Georgia-Carolina Bancshares board Chairman Sammy Fowler said he understands the concern generating the interest in personal liability.
"You have to rely on the information you are given by other people," he said. "I'm a country lawyer; I fight with insurance companies, litigation, real estate and divorces. There's no way for me to have absolute technical knowledge about all the different laws the bank is required to comply with. I have to rely on people.
"It doesn't give me any heartburn. Our board of directors is a strong board."
According to The National Association of Corporate Directors, directors on public boards spent an average of 210 hours on board-related matters in 2006, up from 190 hours in 2005.
Rhonda Graybeal, the president of Hang-Ups Custom Framing and Art Galley, said the financial statements she receives before MCG Health Inc. meetings are inches thick.
"I read front to cover. If I don't understand it, I ask questions," Ms. Graybeal said.
MCG Health Inc. runs the hospital at the medical college. Ms. Graybeal has been on its board for more than four years. She said financial committee meetings can last for hours. The information is pored over again during the board's regular monthly meeting.
Mr. Loftus said more responsibility on understanding a company's financial condition has been placed on boards' audit committees.
Mr. Fowler said he can see why boards need more time to understand such matters. For the banks, however, the requirements of Sarbanes-Oxley could be taken in stride because they already were heavily audited and regulated by the Federal Deposit Insurance Corp. and state banking department.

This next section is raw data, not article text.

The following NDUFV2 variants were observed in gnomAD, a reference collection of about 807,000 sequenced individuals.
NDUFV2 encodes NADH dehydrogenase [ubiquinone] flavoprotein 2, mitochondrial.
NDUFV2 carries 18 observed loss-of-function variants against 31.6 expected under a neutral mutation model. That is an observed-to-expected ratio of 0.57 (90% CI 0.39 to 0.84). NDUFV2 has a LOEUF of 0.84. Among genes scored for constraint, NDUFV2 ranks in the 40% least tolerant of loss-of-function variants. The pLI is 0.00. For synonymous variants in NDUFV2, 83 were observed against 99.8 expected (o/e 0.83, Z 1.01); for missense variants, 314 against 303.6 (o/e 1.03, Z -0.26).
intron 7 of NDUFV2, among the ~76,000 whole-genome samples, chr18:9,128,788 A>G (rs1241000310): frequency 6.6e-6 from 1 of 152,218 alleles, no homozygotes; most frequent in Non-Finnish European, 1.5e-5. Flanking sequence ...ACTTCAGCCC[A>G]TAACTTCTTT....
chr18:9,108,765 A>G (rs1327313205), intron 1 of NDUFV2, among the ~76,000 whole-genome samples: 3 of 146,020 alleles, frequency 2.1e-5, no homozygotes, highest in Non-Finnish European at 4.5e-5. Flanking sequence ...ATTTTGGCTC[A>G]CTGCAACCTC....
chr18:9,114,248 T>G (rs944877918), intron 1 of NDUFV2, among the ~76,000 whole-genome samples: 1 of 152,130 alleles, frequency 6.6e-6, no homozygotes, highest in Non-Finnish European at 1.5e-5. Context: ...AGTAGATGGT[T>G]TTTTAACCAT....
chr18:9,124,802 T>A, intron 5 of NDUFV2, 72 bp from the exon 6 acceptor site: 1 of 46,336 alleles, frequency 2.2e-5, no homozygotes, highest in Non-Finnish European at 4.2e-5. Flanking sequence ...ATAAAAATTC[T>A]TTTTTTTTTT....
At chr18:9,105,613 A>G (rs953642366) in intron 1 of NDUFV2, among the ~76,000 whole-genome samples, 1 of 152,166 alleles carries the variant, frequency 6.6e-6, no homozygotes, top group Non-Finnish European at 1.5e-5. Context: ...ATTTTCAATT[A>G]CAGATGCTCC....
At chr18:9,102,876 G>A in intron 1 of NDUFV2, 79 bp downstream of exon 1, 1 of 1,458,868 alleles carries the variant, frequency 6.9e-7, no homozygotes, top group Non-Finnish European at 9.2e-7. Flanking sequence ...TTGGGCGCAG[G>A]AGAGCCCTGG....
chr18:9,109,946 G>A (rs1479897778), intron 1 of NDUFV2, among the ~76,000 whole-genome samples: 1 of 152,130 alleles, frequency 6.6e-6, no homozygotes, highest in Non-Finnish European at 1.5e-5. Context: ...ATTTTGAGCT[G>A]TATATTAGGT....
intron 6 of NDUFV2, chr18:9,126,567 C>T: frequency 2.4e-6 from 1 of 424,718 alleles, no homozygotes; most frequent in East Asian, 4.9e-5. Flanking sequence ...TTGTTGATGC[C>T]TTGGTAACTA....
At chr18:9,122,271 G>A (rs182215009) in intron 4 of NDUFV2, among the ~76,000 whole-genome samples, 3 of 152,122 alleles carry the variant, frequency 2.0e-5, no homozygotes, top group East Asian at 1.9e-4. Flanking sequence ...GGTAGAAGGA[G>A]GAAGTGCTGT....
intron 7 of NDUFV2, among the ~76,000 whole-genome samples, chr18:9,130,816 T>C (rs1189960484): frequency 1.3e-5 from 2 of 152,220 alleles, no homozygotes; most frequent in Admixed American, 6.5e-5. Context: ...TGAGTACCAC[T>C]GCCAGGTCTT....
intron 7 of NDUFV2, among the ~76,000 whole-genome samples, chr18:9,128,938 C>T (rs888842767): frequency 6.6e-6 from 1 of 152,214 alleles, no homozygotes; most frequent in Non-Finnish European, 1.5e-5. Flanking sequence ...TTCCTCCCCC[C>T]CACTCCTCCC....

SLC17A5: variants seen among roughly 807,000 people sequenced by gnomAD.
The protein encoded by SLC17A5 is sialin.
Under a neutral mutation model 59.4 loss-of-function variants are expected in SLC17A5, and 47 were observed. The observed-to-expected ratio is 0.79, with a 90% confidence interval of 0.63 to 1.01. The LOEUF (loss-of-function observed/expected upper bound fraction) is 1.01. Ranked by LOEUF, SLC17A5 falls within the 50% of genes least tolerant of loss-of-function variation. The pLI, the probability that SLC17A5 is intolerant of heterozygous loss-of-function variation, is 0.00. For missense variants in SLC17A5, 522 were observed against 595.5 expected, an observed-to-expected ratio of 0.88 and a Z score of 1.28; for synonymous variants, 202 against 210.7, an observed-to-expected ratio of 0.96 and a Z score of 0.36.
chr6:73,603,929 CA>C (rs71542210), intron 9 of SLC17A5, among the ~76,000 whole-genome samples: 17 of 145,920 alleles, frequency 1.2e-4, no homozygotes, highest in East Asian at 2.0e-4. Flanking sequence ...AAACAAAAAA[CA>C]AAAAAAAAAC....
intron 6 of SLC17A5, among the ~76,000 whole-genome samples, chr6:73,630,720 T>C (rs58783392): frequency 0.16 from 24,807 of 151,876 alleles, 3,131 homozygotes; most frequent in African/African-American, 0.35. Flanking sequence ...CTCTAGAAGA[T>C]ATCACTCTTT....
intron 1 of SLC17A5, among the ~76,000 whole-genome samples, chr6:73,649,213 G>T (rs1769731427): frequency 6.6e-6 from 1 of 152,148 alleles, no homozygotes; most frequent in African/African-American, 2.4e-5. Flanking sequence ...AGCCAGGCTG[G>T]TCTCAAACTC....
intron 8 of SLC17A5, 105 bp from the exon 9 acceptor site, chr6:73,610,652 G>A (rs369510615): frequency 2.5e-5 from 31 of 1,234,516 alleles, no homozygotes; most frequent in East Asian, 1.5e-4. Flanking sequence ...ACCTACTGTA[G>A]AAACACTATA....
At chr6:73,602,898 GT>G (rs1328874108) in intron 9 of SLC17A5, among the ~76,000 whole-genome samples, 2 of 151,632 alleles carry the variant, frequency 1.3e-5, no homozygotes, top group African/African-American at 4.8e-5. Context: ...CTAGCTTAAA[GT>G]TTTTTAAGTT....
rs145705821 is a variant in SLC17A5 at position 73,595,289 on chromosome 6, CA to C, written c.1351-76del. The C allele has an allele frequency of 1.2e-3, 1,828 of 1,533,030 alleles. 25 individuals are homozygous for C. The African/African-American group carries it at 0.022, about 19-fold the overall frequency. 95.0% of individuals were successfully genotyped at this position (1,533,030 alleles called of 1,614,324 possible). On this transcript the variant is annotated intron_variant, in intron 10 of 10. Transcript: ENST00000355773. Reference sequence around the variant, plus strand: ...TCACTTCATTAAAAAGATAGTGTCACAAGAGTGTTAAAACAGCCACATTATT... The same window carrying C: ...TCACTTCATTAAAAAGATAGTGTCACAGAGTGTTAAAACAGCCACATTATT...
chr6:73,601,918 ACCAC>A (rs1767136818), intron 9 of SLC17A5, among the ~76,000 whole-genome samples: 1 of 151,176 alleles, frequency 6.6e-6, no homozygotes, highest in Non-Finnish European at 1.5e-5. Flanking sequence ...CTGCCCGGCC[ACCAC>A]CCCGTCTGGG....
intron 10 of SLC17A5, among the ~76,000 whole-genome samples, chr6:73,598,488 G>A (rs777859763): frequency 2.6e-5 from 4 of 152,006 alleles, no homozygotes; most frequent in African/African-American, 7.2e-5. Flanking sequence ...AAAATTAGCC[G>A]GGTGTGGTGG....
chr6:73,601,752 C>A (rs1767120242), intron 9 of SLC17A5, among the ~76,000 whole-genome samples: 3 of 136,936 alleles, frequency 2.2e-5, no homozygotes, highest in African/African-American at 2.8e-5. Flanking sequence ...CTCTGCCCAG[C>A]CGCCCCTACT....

Nationally, the increased responsibility and a greater time commitment have led to a decrease in multiple directorships, shrinking the pool of available board directors.
It is enough of a trend that Nasdaq launched a board recruiting service in May, the first time such a service was offered by a stock exchange. It is like an eHarmony for boards, matching the profiles of interested potential board members with the corporations that have a vacancy.
Mr. Blanton said Southeastern Bank Financial Corp., the company that runs Georgia Bank & Trust in Augusta and Southern Bank & Trust in Aiken, has filled four vacancies in less than a year without trouble.
The bottom line, Mr. Blanton said, is that the only trouble in local corporate governance is from Sarbanes-Oxley's cost. Southeastern Bank Financial Corp. spends $500,000 to comply with the additional auditing measures. Mr. Fowler said Georgia-Carolina Bancshares spends an additional $200,000.
"We now have accounting firms looking over the shoulder of accounting firms - more abundance of review than ever before," Mr. Blanchard said.
He said it would cost the bank $100,000 annually to meet regulatory requirements even if it weren't publicly traded.
Reach Tim Rausch at (706) 823-3352 or firstname.lastname@example.org.